Select Committee on Regulatory Reform Written Evidence

Memorandum submitted by Professor George Yarrow of the Oxford Regulatory Policy Institute

  1.  Although I have been a longstanding supporter of attempts by successive governments to promote better regulation, I find it increasingly difficult to be enthusiastic about outcomes to date or about prospects going forward. There appears to be a dearth of hard evidence capable of refuting the view that nothing of great significance is being achieved.

  2.  The intentions of the BRE are plainly good, but effective policy is not made with good intentions alone (and they can be positively harmful in the absence of supporting capacities). Other requirements include intellectual coherence, an appropriate administrative "culture", good institutional design, and effective policy execution. None of these can be said to be prominent features of current arrangements.

  3.  Until two or three years ago there were at least some signs of progress. For example, the sophistication of guidance relating to the conduct of regulatory impact assessments was slowly increasing, and there were signs that a body of expertise and wisdom was being developed, which could potentially serve useful purposes across government.

  4.  Unfortunately, that cumulative learning process appears to have come to a halt more or less simultaneously with the increased political profile of the better regulation agenda. Among other things, recent revisions to guidance on regulatory impact assessment have, in my view, constituted backward steps. More generally, the development of critical thinking appears increasingly to have been replaced to a substantial degree by "executive speak". Orwell's "Politics and the English Language" is probably the most appropriate pre-reading nowadays for those about to be introduced for the first time to the world of better regulation documents.

  5.  To illustrate, the word "regulation" encompasses a wide variety of different types of activities related to a wide variety of different types of rules, enforced in potentially different ways in a wide variety of different contexts. Lumping all these together and then framing policy around objectives such as "reducing the burden of regulation" is just not a sensible way to proceed. Much more discrimination than that is required; and in the absence of such discrimination, a lot of what is said about "better regulation" becomes meaningless abstraction, an empty box.

  6.  In reality, effectively functioning market economies require lots of rules, and these rules give rise to significant compliance costs (command and control requires fewer rules because it involves lower participation rates in the determination of outcomes). An overly narrow approach to better regulation, which is focused only on costs, therefore risks missing key questions such as: is this a rule that facilitates or hinders the general conduct of the economic activities that it is intended to govern?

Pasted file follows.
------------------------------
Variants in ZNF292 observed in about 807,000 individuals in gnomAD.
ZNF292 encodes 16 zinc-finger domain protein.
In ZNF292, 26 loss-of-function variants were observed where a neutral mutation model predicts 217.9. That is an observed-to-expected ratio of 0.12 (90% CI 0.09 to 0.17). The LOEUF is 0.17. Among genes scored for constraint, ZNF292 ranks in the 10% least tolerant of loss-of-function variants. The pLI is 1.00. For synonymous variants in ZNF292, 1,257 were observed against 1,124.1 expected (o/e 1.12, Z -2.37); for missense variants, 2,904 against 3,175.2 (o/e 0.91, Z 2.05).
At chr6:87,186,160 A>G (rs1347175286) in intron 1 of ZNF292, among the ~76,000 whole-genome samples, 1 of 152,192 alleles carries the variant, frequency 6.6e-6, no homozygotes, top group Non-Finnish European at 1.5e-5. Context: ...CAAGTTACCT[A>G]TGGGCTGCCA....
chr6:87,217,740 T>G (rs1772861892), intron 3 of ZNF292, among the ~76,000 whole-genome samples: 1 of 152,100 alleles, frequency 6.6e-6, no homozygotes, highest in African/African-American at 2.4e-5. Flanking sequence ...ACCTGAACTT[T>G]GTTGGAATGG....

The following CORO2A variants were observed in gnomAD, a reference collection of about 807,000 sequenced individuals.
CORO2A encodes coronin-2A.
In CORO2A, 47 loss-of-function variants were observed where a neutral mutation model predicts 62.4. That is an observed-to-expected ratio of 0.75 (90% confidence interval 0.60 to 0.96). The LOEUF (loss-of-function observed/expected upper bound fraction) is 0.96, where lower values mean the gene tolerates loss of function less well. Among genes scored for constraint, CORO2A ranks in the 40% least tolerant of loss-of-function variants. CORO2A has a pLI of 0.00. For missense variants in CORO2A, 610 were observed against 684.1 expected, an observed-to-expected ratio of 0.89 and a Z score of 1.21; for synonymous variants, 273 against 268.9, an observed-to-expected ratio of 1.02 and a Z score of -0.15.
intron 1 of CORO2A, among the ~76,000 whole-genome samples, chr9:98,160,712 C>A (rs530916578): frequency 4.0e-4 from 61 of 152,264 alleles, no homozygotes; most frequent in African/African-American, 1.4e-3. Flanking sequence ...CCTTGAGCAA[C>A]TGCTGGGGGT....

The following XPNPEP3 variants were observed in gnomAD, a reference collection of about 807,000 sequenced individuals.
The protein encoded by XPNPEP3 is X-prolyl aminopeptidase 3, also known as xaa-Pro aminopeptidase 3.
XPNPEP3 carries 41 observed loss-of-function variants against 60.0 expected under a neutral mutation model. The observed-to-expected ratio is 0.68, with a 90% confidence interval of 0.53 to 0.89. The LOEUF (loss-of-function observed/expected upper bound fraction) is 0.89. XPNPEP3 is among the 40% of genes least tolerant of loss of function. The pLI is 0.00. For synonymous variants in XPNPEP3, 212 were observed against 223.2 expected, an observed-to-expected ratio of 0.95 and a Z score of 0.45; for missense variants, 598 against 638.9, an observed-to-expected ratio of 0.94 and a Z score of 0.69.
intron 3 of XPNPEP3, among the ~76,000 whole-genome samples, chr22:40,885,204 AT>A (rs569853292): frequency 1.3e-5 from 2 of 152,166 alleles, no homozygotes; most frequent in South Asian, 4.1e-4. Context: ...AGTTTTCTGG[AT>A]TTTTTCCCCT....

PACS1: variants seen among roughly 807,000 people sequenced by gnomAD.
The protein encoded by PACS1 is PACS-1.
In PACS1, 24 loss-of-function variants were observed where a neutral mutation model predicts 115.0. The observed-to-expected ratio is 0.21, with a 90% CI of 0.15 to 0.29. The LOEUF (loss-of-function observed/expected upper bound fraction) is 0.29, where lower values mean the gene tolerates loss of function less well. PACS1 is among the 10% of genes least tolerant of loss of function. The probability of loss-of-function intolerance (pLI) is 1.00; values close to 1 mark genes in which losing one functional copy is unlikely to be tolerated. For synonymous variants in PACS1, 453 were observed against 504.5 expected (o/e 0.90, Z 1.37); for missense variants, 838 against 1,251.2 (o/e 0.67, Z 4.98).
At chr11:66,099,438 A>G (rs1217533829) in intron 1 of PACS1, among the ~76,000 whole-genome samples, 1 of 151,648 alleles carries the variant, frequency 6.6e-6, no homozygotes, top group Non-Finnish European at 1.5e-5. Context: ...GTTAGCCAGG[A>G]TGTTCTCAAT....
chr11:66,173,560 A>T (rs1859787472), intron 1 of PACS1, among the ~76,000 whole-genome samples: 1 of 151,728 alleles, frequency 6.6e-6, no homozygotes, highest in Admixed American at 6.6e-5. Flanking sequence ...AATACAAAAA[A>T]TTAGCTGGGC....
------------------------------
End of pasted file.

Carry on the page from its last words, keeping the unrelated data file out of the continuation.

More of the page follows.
7.  The sophistication of government tends to lag well behind that of large sections of the public in relation to the making of the relevant distinctions. Few conversations about the rules of association football, even those taking place late on a Saturday evening, are so crude as to involve arguments to the effect that the offside rule should be abolished either to reduce the burden of regulation or because the rule fails a cost-benefit test. The effects of the offside rule, and of its enforcement, are matters of lively debate, but that debate tends to be based around real understandings of the linkages between the specific rule, its enforcement, and the likely consequential effects on behaviour/conduct. In contrast, when the executive arm of government comes to assess a particular regulation it more often than not lacks knowledge and understanding of the linkages between rules, enforcement, and behaviour/conduct in the specific context of relevance, and, in the absence of such detailed knowledge, there is often a strong tendency toward abstraction and the construction of self-serving narrative (aka spin).

  8.  Understandings of the inextricable links between rules, enforcement and behaviour/conduct in association football do not arise by chance; they develop because people care about them. Unfortunately, on average, those engaged in regulatory assessment exercises simply do not care to anything like the same extent.

  9.  This is not meant as a criticism of those individuals engaged in the promotion of better regulation, but rather of the structure of the policy processes involved (which can serve to frustrate the best efforts of individual participants). In words used by John Stuart Mill to describe one of the limitations of government: "All the facilities which a government enjoys of access to information; all the means which it possesses of remunerating, and therefore of commanding, the best available talent in the market—are not an equivalent for the one great disadvantage of an inferior interest in the result."